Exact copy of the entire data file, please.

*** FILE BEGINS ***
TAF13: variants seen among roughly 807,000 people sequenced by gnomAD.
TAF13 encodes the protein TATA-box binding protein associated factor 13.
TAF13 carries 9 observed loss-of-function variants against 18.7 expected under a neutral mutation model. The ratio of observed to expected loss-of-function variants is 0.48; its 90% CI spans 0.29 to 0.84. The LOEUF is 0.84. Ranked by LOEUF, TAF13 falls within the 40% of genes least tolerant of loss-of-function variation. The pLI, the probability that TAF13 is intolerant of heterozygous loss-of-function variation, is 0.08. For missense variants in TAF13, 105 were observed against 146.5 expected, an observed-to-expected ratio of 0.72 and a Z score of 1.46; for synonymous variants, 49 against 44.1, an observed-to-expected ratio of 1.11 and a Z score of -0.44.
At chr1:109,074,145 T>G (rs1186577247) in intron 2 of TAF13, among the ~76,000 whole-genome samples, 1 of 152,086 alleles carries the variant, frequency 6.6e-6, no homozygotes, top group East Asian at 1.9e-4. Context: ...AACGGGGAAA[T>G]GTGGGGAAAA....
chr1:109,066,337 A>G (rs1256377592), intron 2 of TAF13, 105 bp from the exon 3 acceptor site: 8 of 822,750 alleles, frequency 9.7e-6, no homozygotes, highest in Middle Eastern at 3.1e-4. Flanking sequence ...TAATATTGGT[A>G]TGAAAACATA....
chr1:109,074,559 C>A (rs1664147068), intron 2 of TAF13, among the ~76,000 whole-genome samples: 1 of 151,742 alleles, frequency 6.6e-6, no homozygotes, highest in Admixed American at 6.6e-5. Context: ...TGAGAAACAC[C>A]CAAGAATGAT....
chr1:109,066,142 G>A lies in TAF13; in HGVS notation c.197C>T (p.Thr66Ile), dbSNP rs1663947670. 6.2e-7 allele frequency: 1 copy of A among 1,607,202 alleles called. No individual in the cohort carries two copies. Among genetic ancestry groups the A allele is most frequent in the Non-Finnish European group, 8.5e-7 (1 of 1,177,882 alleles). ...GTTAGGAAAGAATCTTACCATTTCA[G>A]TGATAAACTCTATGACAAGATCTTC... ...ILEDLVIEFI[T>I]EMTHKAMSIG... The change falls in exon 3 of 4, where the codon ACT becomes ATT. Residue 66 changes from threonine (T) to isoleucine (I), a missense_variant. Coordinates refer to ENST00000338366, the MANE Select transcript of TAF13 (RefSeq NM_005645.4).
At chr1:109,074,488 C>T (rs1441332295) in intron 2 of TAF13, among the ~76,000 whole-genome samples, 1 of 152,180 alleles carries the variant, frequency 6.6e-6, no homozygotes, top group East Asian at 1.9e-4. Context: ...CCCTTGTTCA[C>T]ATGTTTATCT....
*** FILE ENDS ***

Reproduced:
TAF13: variants seen among roughly 807,000 people sequenced by gnomAD.
TAF13 encodes the protein TATA-box binding protein associated factor 13.
TAF13 carries 9 observed loss-of-function variants against 18.7 expected under a neutral mutation model. The ratio of observed to expected loss-of-function variants is 0.48; its 90% CI spans 0.29 to 0.84. The LOEUF is 0.84. Ranked by LOEUF, TAF13 falls within the 40% of genes least tolerant of loss-of-function variation. The pLI, the probability that TAF13 is intolerant of heterozygous loss-of-function variation, is 0.08. For missense variants in TAF13, 105 were observed against 146.5 expected, an observed-to-expected ratio of 0.72 and a Z score of 1.46; for synonymous variants, 49 against 44.1, an observed-to-expected ratio of 1.11 and a Z score of -0.44.
At chr1:109,074,145 T>G (rs1186577247) in intron 2 of TAF13, among the ~76,000 whole-genome samples, 1 of 152,086 alleles carries the variant, frequency 6.6e-6, no homozygotes, top group East Asian at 1.9e-4. Context: ...AACGGGGAAA[T>G]GTGGGGAAAA....
chr1:109,066,337 A>G (rs1256377592), intron 2 of TAF13, 105 bp from the exon 3 acceptor site: 8 of 822,750 alleles, frequency 9.7e-6, no homozygotes, highest in Middle Eastern at 3.1e-4. Flanking sequence ...TAATATTGGT[A>G]TGAAAACATA....
chr1:109,074,559 C>A (rs1664147068), intron 2 of TAF13, among the ~76,000 whole-genome samples: 1 of 151,742 alleles, frequency 6.6e-6, no homozygotes, highest in Admixed American at 6.6e-5. Context: ...TGAGAAACAC[C>A]CAAGAATGAT....
chr1:109,066,142 G>A lies in TAF13; in HGVS notation c.197C>T (p.Thr66Ile), dbSNP rs1663947670. 6.2e-7 allele frequency: 1 copy of A among 1,607,202 alleles called. No individual in the cohort carries two copies. Among genetic ancestry groups the A allele is most frequent in the Non-Finnish European group, 8.5e-7 (1 of 1,177,882 alleles). ...GTTAGGAAAGAATCTTACCATTTCA[G>A]TGATAAACTCTATGACAAGATCTTC... ...ILEDLVIEFI[T>I]EMTHKAMSIG... The change falls in exon 3 of 4, where the codon ACT becomes ATT. Residue 66 changes from threonine (T) to isoleucine (I), a missense_variant. Coordinates refer to ENST00000338366, the MANE Select transcript of TAF13 (RefSeq NM_005645.4).
At chr1:109,074,488 C>T (rs1441332295) in intron 2 of TAF13, among the ~76,000 whole-genome samples, 1 of 152,180 alleles carries the variant, frequency 6.6e-6, no homozygotes, top group East Asian at 1.9e-4. Context: ...CCCTTGTTCA[C>T]ATGTTTATCT....